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It's tea (and porcelain) time in Sacramento

Unique event at Shepard Center features hand-painted items, tea service

This beautiful hand-painted plate was among the works displayed at last year's tea and show by the Camellia City Porcelain Artists.

This beautiful hand-painted plate was among the works displayed at last year's tea and show by the Camellia City Porcelain Artists.

Photo courtesy Camellia City Porcelain Artists

It’s tea time, Sacramento style.

This weekend, the Camellia City Porcelain Artists will host its 32nd annual show and fall tea at Shepard Garden and Arts Center in McKinley Park. Admission and parking are free.

From 10 a.m. to 3 p.m. this Saturday and Sunday, Oct. 14 and 15, patrons are invited to sip tea, enjoy snacks and browse the show, packed with beautiful hand-painted creations.

“You are invited to view the art of traditional and creative works of hand-painted porcelain from local artists,” says the club. Honored artist for the event will be Linda Janzen, whose work will be featured.

Take home some finished pieces -- as well as what’s needed to start this creative hobby.

“Supplies will be available for purchase,” says the club. In addition, a Christmas tree fully decorated with hand-painted ornaments will be raffled off. Patrons will receive tickets for door prizes and a free raffle for a painter’s supply basket.

Interested in learning about ceramics and porcelain painting? This is the place. Watch artists at work; they’ll answer questions, too.

Shepard Center is located at 3330 McKinley Blvd., Sacramento, in McKinley Park.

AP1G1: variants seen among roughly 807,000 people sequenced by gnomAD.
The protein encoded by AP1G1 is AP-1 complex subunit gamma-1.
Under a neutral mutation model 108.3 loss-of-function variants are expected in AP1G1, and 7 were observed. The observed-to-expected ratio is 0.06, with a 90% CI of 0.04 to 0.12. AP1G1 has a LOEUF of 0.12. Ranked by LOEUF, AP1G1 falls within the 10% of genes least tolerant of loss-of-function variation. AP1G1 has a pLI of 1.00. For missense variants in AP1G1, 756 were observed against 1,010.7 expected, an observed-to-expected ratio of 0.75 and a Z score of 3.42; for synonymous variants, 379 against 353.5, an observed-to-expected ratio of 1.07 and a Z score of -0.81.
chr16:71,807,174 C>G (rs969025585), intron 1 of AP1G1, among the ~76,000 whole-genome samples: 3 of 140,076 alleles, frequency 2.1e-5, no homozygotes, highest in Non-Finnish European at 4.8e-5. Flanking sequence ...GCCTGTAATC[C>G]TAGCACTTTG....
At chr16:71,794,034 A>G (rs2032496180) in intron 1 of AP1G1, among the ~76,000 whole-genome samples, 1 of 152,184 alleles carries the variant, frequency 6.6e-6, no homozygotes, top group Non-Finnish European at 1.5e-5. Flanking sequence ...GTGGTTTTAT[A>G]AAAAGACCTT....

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For week of Nov. 26:

Concentrate on helping your garden stay comfortable during these frosty nights – and clean up all those leaves!

* Irrigate frost-tender plants such as citrus in the late afternoon. That extra soil moisture increases temperatures around the plant a few degrees, just enough to prevent frost damage. The exception are succulents; too much water before frost can cause them to freeze.

* Cover sensitive plants before the sun goes down. Use cloth sheets or frost cloths, not plastic sheeting, to hold in warmth. Make sure to remove covers in the morning.

* Use fall leaves as mulch around shrubs and vegetables. Mulch acts as a blanket and keeps roots warmer.

* Stop dead-heading; let rose hips form on bushes to prompt dormancy.

* Prune non-flowering trees and shrubs.

* Clean and sharpen garden tools before storing for the winter.

* Brighten the holidays with winter bloomers such as poinsettias, amaryllis, calendulas, Iceland poppies, pansies and primroses.

* Keep poinsettias in a sunny, warm location – and definitely indoors overnight. Water thoroughly. After the holidays, feed your plants monthly so they’ll bloom again next December.

* Rake and remove dead leaves and stems from dormant perennials.

* Plant spring bulbs. Don’t forget the tulips chilling in the refrigerator. Daffodils can be planted without pre-chilling.

* This is also a good time to seed wildflowers and plant such spring bloomers as sweet peas, sweet alyssum and bachelor buttons.

* Plant trees and shrubs. They’ll benefit from fall and winter rains while establishing their roots.

* Set out cool-weather annuals such as pansies and snapdragons.

* Lettuce, cabbage and broccoli also can be planted now.

* Plant garlic and onions.

* Bare-root season begins now. Plant bare-root berries, kiwifruit, grapes, artichokes, horseradish and rhubarb.

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